Saturday, January 22, 2011
Jefferson's journey brings him home
By Greg Payne
Brian Babineau/NBAE/Getty ImagesBOSTON -- Utah's visit to the TD Garden Friday night marked the fourth time Al Jefferson has played in Boston since the Celtics traded him to the Minnesota Timberwolves, along with four other players and two draft picks, in exchange for Kevin Garnett during the summer of 2007. But unlike his previous three visits, it was largely a forgettable performance for the Jazz center.
Old friend Al Jefferson puts up a shot over new friend Shaquille O'Neal.
Jefferson, who entered the game averaging 16.9 points and 8.8 rebounds, was limited to just seven points on 1-of-11 shooting to go along with five rebounds, four assists, and two blocks over 25 minutes in Utah's 110-86 loss.
Elsa/Getty ImagesAl Jefferson made his first shot ... then went ice cold.
Friday's results were drastically different from his previous three visits to Boston as a member of the Timberwolves, in which Jefferson averaged 23 points, nine rebounds and two blocks while shooting 56.6 percent from the field. After Friday's tilt, Jefferson downplayed the idea that nerves played a role in his poor offensive performance.
"It's my fourth time playing back in Boston. There [weren't any] nerves," he said. "I just missed shots. It's just one of these nights. I had good looks. I had my shots and I missed them."
The Celtics selected Jefferson with the 15th pick in the 2004 NBA draft after the 6-foot-10 big man averaged over 40 points per game during his senior season at Prentiss High School in Mississippi. He went on to play three seasons in Boston before he was traded to the Minnesota Timberwolves along with Ryan Gomes, Sebastian Telfair, Gerald Green, Theo Ratliff, and two draft picks for Garnett. He spent three more seasons in Minnesota, the second of which was cut short when he tore the ACL in his right knee in February of 2009. During the offseason after the 2009-2010 campaign, when it was clear Minnesota would still be in a rebuilding phase for some time, the Timberwolves sent Jefferson to Utah, in exchange for two first-round draft picks and center Kosta Koufos.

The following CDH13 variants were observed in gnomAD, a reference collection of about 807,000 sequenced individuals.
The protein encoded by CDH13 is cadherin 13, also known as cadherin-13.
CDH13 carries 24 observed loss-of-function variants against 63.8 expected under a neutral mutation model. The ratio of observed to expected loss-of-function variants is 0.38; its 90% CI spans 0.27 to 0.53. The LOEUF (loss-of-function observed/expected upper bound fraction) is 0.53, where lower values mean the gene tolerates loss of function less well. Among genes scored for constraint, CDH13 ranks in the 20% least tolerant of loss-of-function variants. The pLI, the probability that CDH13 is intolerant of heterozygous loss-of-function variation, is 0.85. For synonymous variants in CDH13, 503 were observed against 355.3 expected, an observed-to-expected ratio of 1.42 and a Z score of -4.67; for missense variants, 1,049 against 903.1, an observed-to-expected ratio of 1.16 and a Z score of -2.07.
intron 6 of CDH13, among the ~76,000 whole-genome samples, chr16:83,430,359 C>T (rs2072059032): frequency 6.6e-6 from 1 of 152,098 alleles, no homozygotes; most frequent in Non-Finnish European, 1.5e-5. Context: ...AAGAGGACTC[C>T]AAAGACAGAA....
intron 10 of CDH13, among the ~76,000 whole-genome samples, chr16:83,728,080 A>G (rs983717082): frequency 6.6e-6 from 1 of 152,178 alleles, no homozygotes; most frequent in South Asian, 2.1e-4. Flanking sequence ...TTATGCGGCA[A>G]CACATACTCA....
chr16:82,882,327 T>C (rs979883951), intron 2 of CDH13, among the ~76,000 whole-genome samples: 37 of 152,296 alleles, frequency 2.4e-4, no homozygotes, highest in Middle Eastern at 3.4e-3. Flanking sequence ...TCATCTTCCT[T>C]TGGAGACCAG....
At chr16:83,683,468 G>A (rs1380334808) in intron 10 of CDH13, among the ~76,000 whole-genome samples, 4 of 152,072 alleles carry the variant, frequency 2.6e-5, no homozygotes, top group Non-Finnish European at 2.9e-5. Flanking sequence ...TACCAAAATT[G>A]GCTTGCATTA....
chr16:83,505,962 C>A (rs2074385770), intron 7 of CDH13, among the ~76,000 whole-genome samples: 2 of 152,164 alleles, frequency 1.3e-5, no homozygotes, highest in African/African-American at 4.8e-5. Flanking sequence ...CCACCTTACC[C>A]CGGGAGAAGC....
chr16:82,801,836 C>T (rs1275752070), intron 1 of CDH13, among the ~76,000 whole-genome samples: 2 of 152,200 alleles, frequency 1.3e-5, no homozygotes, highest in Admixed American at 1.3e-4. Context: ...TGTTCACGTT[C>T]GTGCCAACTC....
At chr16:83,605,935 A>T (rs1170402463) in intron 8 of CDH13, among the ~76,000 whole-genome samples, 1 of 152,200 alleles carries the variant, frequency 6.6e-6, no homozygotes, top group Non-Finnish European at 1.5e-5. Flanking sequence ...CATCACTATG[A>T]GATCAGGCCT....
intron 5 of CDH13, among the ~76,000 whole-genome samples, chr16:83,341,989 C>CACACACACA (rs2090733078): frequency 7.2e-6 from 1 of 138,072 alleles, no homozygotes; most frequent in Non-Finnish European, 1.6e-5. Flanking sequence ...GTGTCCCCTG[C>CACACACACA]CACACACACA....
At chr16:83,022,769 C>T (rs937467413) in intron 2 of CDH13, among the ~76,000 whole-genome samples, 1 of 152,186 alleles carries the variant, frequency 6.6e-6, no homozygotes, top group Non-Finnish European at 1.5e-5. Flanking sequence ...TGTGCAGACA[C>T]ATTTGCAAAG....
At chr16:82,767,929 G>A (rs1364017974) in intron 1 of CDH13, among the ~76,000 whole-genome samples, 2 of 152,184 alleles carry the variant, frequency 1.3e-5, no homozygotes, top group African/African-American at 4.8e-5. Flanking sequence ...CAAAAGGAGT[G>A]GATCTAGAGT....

For the first time in his career, Jefferson found himself on a contending team, with a well-tenured and Hall-of-Fame coach in Jerry Sloan and one of the NBA's elite point guards in Deron Williams.
His past was a still a part of him, however, and it seemed as though Boston had left as big of an imprint on Jefferson as he had left on it. During his three seasons with the Celtics, Jefferson started out as a promising young rookie and grew into a player that seemed destined for superstar status.
Celtics fans loved his winning smile and dizzying array of low post moves that most NBA big men did not possess. His game was a throwback to a previous decade, and his dazzling play in the paint had arguably not been witnessed in Boston since the great Kevin McHale. Ironically, it was McHale who was calling the shots in Minnesota when Jefferson was traded there. Jefferson played for the Celtics during a time when the future was more promising than the present, and he, with his immense talent and will to prove himself amongst the elite, became something of a living symbol of the greener pastures that surely awaited Boston down the road.
The Celtics, and their fans, knew what they were giving up in Jefferson when the trade went through, and the team's 17th championship, which was won in Garnett's first season as a Celtic, certainly validated the decision. Yet whenever Jefferson returns to Boston, even four years later, it's cause for reflection, as evidenced by the members of the media who waited nearly an hour to speak with him for seven minutes prior to Friday's game, or the standing ovation he received from the Garden crowd when he was introduced as the Jazz's starting center.
"It's always going to be a great thing [coming back to Boston]," said Jefferson. "Different in a good way, coming back to where I first started. This is the team that gave me my first job in the NBA, and for that I will always have the utmost respect for this team."